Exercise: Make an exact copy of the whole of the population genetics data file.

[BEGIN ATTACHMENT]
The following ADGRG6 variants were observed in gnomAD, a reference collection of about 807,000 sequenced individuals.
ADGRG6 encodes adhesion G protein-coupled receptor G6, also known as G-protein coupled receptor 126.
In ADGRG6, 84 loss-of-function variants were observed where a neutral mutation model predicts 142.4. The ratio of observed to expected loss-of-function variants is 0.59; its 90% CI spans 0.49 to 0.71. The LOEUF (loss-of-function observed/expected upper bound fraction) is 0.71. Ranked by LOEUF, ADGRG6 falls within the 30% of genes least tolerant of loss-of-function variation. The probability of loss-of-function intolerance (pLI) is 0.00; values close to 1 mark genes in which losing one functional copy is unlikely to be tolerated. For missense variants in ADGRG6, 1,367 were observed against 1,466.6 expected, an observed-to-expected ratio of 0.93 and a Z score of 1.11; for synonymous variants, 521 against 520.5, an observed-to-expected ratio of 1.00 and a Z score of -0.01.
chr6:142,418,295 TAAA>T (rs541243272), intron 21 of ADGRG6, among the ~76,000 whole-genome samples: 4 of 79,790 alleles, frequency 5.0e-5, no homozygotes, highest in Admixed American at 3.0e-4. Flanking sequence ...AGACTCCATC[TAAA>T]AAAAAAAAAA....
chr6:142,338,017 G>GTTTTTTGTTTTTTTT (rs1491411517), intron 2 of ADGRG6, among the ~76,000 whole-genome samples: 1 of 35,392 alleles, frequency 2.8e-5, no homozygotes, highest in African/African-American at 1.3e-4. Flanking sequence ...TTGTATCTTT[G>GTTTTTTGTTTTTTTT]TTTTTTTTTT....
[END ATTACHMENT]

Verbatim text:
The following ADGRG6 variants were observed in gnomAD, a reference collection of about 807,000 sequenced individuals.
ADGRG6 encodes adhesion G protein-coupled receptor G6, also known as G-protein coupled receptor 126.
In ADGRG6, 84 loss-of-function variants were observed where a neutral mutation model predicts 142.4. The ratio of observed to expected loss-of-function variants is 0.59; its 90% CI spans 0.49 to 0.71. The LOEUF (loss-of-function observed/expected upper bound fraction) is 0.71. Ranked by LOEUF, ADGRG6 falls within the 30% of genes least tolerant of loss-of-function variation. The probability of loss-of-function intolerance (pLI) is 0.00; values close to 1 mark genes in which losing one functional copy is unlikely to be tolerated. For missense variants in ADGRG6, 1,367 were observed against 1,466.6 expected, an observed-to-expected ratio of 0.93 and a Z score of 1.11; for synonymous variants, 521 against 520.5, an observed-to-expected ratio of 1.00 and a Z score of -0.01.
chr6:142,418,295 TAAA>T (rs541243272), intron 21 of ADGRG6, among the ~76,000 whole-genome samples: 4 of 79,790 alleles, frequency 5.0e-5, no homozygotes, highest in Admixed American at 3.0e-4. Flanking sequence ...AGACTCCATC[TAAA>T]AAAAAAAAAA....
chr6:142,338,017 G>GTTTTTTGTTTTTTTT (rs1491411517), intron 2 of ADGRG6, among the ~76,000 whole-genome samples: 1 of 35,392 alleles, frequency 2.8e-5, no homozygotes, highest in African/African-American at 1.3e-4. Flanking sequence ...TTGTATCTTT[G>GTTTTTTGTTTTTTTT]TTTTTTTTTT....